Treating patients with relapsing-remitting multiple sclerosis (MS) early with disease-modifying treatment can reduce the risk of conversion to secondary progressive MS.
Treating patients with relapsing-remitting multiple sclerosis (MS) early with disease-modifying treatment (DMT) can reduce the risk of conversion to secondary progressive MS, according to new research published in JAMA.1
A majority of patients (80%) with relapsing-remitting MS convert to secondary progressive MS within 2 decades of onset it they are left untreated. However, there has been no rigorous definition of secondary progressive MS, and many previous studies have examined the association of interferon b and glatiramer acetate and conversion to secondary progressive MS.
The authors sought to determine the use of DMTs, and when they are used, and their association with risk of conversion to secondary progressive MS. Because there has been no rigorous definition, the authors used a new validated definition of secondary progressive MS as published in Brain.2
"Most of the therapies that we use to treat MS have no effect once people have converted to secondary progressive MS," Tomas Kalincik, MD, PhD, one of the study leads, said in a statement. "This study shows us how important it is to treat relapsing MS early and proactively."
The authors analyzed data on patients with relapsing-remitting MS who were beginning DMTs or clinical monitoring at 68 neurology centers in 21 countries. Patients analyzed had a minimum of 4 years’ follow-up.
The study included 1555 patients. While patients initially treated with glatiramer acetate or interferon b had a lower risk of conversion to secondary progressive MS than untreated patients (hazard ratio [HR], 0.71; 95% CI, 0.61-0.81; P  <.001), patients treated with fingolimod, alemtuzumab, or natalizumab had an even lower risk of conversion than patients initially treated with glatiramer acetate or interferon b (HR, 0.66; 95% CI, 0.44-0.99; P  =  .046).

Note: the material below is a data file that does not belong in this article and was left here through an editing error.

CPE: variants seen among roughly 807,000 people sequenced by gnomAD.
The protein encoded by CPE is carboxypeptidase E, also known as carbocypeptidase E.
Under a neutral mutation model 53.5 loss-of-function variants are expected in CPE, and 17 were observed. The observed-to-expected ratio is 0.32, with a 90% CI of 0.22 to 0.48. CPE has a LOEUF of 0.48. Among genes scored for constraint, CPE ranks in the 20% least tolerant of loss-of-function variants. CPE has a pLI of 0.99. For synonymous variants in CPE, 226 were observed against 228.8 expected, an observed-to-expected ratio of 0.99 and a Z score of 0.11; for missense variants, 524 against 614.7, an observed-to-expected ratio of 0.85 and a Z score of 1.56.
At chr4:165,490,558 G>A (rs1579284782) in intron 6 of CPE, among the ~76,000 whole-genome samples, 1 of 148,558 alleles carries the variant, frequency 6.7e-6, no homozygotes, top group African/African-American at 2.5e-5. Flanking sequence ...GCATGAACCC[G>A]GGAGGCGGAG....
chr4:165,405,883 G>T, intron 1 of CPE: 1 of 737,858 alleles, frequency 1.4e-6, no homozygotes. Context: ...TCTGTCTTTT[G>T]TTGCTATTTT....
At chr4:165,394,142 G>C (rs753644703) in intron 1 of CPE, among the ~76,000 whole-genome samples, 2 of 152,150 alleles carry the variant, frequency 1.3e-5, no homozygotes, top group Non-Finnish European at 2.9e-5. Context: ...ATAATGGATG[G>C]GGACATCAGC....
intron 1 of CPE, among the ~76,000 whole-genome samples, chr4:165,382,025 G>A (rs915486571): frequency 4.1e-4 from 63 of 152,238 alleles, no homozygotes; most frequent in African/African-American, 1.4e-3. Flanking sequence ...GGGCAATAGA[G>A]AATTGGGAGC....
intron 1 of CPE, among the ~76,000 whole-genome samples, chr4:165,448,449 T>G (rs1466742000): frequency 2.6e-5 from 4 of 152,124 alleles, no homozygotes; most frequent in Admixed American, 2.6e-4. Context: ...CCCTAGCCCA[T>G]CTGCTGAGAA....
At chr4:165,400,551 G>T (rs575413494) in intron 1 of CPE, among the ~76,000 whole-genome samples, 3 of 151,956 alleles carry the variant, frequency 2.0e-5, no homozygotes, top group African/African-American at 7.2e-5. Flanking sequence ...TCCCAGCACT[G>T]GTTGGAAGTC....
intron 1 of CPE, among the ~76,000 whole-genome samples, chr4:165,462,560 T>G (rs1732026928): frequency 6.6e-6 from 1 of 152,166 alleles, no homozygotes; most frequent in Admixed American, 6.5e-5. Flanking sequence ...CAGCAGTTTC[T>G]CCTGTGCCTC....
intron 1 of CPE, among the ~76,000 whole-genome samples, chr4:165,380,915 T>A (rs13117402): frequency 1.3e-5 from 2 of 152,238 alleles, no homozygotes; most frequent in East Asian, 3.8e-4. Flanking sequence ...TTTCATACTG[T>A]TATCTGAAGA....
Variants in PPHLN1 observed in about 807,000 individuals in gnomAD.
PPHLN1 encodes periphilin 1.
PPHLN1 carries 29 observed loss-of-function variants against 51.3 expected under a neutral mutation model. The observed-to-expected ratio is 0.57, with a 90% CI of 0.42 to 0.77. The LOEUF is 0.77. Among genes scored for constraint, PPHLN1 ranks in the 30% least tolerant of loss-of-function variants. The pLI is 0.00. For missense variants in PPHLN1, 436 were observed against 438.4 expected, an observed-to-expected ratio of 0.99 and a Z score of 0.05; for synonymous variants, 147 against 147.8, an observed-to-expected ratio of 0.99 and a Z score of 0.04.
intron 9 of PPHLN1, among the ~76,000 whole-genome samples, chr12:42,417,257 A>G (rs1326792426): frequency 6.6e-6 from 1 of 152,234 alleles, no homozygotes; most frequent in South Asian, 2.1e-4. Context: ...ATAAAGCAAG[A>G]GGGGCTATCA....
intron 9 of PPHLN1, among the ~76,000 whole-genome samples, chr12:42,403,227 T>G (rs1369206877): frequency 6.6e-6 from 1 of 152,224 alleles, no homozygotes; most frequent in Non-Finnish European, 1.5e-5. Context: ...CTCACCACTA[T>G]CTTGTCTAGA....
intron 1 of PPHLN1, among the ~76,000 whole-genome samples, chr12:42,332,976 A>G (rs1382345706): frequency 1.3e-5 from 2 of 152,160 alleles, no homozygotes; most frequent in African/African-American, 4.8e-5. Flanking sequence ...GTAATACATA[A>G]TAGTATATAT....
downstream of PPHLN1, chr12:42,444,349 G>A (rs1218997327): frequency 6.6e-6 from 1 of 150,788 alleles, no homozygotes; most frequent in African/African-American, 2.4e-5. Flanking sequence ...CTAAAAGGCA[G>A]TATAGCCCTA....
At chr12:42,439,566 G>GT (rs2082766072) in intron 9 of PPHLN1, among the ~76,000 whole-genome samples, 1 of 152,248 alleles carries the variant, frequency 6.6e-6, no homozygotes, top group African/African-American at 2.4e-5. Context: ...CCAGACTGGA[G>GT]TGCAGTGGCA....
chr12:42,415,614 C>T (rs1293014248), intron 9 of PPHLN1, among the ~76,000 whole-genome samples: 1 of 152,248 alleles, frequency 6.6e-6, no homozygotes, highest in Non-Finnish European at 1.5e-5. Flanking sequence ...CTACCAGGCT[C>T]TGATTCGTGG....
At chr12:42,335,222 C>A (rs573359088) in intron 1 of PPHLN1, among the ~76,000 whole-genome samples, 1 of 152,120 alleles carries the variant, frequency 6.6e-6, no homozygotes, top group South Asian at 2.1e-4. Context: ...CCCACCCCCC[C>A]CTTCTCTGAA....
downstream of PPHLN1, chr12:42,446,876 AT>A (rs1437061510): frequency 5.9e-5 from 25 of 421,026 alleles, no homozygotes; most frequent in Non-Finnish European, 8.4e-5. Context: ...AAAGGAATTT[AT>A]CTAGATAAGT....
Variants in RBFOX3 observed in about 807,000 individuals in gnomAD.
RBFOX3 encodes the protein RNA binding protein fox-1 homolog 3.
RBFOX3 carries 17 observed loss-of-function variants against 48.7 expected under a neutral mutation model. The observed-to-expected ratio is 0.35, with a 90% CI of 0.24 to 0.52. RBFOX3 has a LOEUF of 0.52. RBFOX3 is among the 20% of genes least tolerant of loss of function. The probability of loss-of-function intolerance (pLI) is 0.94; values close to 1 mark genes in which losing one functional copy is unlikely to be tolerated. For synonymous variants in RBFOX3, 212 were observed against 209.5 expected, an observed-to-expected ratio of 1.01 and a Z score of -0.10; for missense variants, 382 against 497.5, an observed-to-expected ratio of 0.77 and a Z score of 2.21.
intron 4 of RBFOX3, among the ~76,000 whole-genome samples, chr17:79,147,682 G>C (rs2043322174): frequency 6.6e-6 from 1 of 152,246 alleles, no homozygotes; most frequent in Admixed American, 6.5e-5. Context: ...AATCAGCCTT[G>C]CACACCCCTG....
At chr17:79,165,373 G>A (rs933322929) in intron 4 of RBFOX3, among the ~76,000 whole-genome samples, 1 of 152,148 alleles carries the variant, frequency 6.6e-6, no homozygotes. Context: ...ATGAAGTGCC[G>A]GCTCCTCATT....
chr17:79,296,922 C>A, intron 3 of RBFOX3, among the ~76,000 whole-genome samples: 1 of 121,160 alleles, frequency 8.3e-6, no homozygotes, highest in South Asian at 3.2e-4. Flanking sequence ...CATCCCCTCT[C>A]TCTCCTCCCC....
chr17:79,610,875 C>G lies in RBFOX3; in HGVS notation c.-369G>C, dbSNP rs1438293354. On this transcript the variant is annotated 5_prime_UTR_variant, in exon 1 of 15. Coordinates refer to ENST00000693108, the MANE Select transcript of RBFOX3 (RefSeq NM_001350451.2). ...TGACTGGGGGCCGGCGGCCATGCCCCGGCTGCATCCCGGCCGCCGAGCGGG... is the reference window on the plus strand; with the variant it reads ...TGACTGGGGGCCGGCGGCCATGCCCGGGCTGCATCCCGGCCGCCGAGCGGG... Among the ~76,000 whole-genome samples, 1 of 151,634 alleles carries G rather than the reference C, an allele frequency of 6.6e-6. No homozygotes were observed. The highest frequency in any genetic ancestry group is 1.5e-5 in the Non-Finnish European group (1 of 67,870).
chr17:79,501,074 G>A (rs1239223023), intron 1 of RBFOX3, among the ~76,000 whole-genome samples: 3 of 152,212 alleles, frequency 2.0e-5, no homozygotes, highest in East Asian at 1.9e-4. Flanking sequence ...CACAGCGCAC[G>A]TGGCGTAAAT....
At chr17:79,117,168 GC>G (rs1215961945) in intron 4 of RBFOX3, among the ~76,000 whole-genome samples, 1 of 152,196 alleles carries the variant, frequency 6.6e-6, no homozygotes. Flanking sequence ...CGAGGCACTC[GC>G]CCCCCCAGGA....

“The risk of conversion was significantly lower for early treatment than for late treatment: either in the case of starting glatiramer acetate or interferon beta within 5 years of disease onset vs later commencement; or when escalating from glatiramer acetate or interferon beta to fingolimod, alemtuzumab, or natalizumab within 5 years of disease onset vs later escalation,” the authors explained.
The researchers highlighted a number of limitations, including the observational design of the study, which makes the study unable to attribute causality and makes it difficult to distinguish between prevention and delay of conversion. Another limitation was the different baseline demographics for each DMT cohort, which led to differing matched untreated cohorts and follow-up durations. The study also did not assess the risks associated with DMTs.
“These findings, considered along with these therapies’ risks, may help inform decisions about DMT selection,” the authors concluded.
In an accompanying editorial3 in JAMA Neurology, Ari J. Green, MD, MCR, who is the associate editor of the journal and a neurologist at the University of California, San Francisco, wrote that study is an important addition to the growing mountain of evidence that intervention with immunotherapeutic agents can have a favorable effect on long-term progression of MS.
According to Green, the findings are timely since the first treatment for people with primary progressive MS was approved in 2017 and another is expected to be considered in 2019. “…The moment is ripe to think about treatment of progressive MS and both the benefits and limits of existing approaches,” he wrote.
1. Brown JWL, Coles A, Horakova D, et al. Association of initial disease-modifying therapy with later conversion to secondary progressive multiple sclerosis. JAMA. 2019;321(2):175-187. doi: 10.1001/jama.2018.20588.
2. Lorscheider J, Buzzard K, Jokubaitis V, et al; MSBase Study Group. Defining secondary progressive multiple sclerosis. Brain. 2016;139(pt 9):2395-2405. doi: 10.1093/brain/aww173.
3. Green AJ. Potential benefits of early aggressive treatment in multiple sclerosis [published online January 15, 2019]. JAMA Neurol. doi: 10.1001/jamaneurol.2018.4932.